NYK Line, MOL, and “K” Line entered the new Ocean Network Express (ONE) joint venture with revenue and volume heading mostly in the right direction, but their total Asia-US container growth lagged the market in the first quarter.
The first three months of 2018 was the last quarter of the Japanese carriers’ financial year for the container shipping units of NYK Line, “K” Line, and MOL before they operated as ONE starting April 1 and became the sixth-largest global carrier. The three carriers that make up ONE recorded combined year-over-year growth in Asia import volume of 2.1 percent to 610,115 TEU, slower than the 8.9 percent increase in volume for the trade as a whole. The 8.9 percent expansion in the first quarter of this year is more than double the increase in the same period of 2017.
“K” Line was the only one of the three carriers to record a decline in Asia-US volume in the first quarter, dropping 4.9 percent to 214,392 TEU. Its market share in the Asia-US trade also slipped by 0.8 points to 5.6 percent, with MOL edging down 0.2 points to 5.1 percent, and NYK losing 0.1 points to 5.2 percent share of the market.
It was a similar two-up, one-down scenario in the annual results of the three Japanese carriers that were announced this week. This time it was MOL in the negative numbers, as the one-off restructuring costs related to separating its container unit ahead of the ONE launch came in at $672 million. Excluding those costs, the carrier actually made a $141 million profit.
The other two carriers turned around losses recorded in the last financial year. NYK Group posted a 2017 profit of $190 million, growing its liner trade revenue by 18 percent to $6.3 billion. “K” Line announced a $95 million net profit, with the container shipping segment growing 15 percent compared with 2016 and generating revenue of $5.4 billion.
Supply-demand balance highlighted
All three carriers highlighted the supply-demand balance as having an influence on container industry financials, with freight rates stronger than during the previous year but lower than expected.
“Shipping traffic was brisk along trans-Pacific routes, but an upswing in spot freight rates largely came to a standstill due to the impact of growing shipping capacity, which was caused by the production of new ultra-large container ships,” said NYK.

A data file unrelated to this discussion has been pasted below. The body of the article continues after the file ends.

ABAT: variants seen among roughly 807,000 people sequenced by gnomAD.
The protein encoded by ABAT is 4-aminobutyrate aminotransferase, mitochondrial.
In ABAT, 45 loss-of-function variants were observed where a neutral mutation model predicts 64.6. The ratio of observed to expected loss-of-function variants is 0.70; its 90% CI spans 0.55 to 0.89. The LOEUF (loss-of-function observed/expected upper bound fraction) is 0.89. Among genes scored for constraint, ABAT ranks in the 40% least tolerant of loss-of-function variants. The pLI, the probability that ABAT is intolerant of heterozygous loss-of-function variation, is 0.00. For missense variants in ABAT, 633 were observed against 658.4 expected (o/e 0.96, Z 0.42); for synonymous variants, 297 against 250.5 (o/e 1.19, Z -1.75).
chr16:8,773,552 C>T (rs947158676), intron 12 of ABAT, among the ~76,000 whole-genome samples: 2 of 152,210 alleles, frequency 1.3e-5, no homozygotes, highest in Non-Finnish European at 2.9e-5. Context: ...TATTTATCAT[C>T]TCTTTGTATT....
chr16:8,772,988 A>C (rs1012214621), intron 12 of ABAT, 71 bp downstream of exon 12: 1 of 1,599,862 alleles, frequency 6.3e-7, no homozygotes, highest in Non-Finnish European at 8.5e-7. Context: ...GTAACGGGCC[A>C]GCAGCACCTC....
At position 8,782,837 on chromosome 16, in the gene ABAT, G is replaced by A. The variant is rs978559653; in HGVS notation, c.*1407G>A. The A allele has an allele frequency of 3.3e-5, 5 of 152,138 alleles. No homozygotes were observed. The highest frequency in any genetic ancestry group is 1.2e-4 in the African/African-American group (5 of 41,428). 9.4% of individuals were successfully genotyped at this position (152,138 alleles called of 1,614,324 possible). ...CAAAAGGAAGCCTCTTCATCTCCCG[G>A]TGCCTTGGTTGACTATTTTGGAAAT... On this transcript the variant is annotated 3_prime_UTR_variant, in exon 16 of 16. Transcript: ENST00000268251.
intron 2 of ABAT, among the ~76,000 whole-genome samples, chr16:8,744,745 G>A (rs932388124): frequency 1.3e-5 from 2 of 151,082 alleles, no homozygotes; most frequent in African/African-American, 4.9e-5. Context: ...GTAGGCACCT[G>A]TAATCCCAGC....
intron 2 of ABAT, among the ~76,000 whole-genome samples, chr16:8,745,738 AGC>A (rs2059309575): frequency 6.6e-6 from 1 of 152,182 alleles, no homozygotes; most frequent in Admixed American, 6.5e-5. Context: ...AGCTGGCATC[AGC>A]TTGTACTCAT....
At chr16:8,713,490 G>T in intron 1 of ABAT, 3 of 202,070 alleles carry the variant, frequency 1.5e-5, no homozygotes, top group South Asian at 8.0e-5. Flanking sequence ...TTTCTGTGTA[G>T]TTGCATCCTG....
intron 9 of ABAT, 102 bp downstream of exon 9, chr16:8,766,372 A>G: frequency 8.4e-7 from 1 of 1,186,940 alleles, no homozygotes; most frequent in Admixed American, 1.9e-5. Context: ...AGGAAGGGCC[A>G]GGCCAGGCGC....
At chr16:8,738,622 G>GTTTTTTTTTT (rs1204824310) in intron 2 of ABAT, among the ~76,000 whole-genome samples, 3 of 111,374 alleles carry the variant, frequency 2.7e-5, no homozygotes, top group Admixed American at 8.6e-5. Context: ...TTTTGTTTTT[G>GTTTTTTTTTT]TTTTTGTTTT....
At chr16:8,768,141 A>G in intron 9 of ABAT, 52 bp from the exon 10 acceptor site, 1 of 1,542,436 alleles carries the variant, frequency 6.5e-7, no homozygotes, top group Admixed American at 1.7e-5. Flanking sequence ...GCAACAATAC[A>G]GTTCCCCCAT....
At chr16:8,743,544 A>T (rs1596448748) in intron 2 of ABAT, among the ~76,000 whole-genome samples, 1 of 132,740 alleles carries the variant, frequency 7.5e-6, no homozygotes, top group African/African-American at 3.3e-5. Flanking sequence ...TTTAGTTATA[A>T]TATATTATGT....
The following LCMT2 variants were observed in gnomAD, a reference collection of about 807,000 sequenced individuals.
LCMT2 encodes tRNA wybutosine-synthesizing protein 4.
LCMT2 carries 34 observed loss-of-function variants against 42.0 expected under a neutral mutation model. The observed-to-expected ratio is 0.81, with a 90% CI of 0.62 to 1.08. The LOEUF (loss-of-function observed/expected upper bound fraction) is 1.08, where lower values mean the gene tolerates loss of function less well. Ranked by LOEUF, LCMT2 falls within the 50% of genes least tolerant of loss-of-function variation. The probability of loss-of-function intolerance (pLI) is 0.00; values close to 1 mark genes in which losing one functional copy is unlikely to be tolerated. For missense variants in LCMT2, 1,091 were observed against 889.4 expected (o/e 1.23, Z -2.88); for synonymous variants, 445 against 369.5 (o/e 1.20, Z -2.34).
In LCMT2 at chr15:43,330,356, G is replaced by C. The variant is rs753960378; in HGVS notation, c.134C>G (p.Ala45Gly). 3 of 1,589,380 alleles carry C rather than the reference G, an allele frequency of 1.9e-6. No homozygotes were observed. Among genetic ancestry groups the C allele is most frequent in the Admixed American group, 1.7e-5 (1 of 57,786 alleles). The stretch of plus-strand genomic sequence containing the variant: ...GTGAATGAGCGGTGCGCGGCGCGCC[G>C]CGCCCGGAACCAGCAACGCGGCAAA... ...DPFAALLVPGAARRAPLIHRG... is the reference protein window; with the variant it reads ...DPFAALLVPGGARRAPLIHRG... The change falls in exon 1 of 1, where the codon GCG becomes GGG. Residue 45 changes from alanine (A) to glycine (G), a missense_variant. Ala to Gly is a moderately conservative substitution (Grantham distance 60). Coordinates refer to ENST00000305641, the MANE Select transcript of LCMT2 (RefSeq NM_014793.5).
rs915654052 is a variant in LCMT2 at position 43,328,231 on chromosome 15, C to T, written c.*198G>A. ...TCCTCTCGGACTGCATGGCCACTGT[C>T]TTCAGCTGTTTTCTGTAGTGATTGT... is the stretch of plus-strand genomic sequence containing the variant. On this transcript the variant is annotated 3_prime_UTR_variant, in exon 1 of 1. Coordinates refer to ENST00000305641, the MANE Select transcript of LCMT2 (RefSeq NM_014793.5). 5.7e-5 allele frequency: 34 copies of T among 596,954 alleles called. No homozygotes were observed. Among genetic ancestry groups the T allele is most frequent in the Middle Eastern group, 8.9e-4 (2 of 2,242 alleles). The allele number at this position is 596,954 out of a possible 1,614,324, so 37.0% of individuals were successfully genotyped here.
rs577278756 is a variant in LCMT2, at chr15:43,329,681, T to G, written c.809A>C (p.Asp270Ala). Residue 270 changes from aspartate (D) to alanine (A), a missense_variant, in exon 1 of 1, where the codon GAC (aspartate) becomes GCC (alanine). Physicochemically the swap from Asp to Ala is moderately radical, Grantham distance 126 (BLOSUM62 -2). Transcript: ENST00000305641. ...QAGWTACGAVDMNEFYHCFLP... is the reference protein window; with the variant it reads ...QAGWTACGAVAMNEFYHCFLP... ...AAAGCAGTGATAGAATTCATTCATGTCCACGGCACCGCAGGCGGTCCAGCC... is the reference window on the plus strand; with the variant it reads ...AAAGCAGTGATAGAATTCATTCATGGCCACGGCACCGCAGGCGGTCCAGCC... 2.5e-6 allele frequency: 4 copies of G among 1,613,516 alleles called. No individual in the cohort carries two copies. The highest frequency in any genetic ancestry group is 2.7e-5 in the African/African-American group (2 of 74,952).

MOL said in its review of the year that, “The spot freight market on the Asia-North America routes, although slumping in the first quarter, rose over the summer period with cargo volumes for this fiscal year proceeding at a record high pace. Over winter, the increased pressures of vessel supply caused market weakness, but the market once again began rising during the busy period before the Lunar New Year in February.”
Carriers are injecting 8 to 9 percent increase in trans-Pacific capacity, while imports are projected to increase 5 to 6 percent, according to Alphaliner. Spot rates from Shanghai to the US West Coast jumped 21.8 percent this week to $1,403 per FEU, according to the Shanghai Containerized Freight Index spot rates displayed on the JOC Shipping & Logistics Pricing Hub. That level is down $9 from the rate the week after Lunar New Year, when spot rates traditionally fall as factories close. The rate to the East Coast from Shanghai rose 8.1 percent to $2,371.
In terms of annual Asia-US service contracts, contract negotiations between US importers from Asia and ocean carriers are moving slower than in past cycles because many beneficial cargo owners (BCOs) are holding out for lower rates. Early progress reports suggest East Coast rates are under downward pressure because of overcapacity, while most BCOs see the cost of inland transportation increasing.
MOL said the Asia-Europe trade also struggled to keep rates up. “On the Asia-Europe routes, although there was a significant recovery in cargo volume, this rise was picked up by new deployments of large-sized vessels at each liner company, causing the spot freight rates to remain relatively stable over the entire year,” the carrier said.
Ocean carriers largely optimistic regarding 2018
According to IHS Markit data, the global container fleet is projected to expand 4.7 percent this year, just below the projected 4.9 percent increase in global trade. But demand on Asia-Europe in the second quarter is forecast to grow by about 4 percent, less than half the 8.8 percent increase in capacity that is predicted to enter the trade in that period.
However, carriers have a largely positive outlook for the container business. Fresh off the best result in its history, CMA CGM said the volume momentum of 2017 was expected to continue through 2018, and the carrier would continue to benefit from this trend with its coverage of east-west, north-south, and intra-regional trades. The container shipping industry ended six years of straight losses in 2017, with an estimated $7 billion total profit, according to Drewry.
Hapag-Lloyd CEO Rolf Habben Jansen said the carrier expected increasing demand for container shipping services, and year-over-year volume would also grow with the inclusion of United Arab Shipping Co.’s business activities for the whole year. “The market environment remains challenging, but as we see some of the fundamentals improving gradually over the upcoming period, we remain cautiously optimistic,” he said.
Maersk Group CEO Soren Skou also maintained a positive outlook for the container shipping industry in 2018 and beyond, saying the fundamentals continued to be the best they have been in a decade with broad based and strong global economic growth.
“Europe is doing well and the US will continue to do so. The commodity-based countries are also growing again because commodity prices have come up and costs have come down. Oil at $65 a barrel today is good for those economies and that drives container demand,” he said.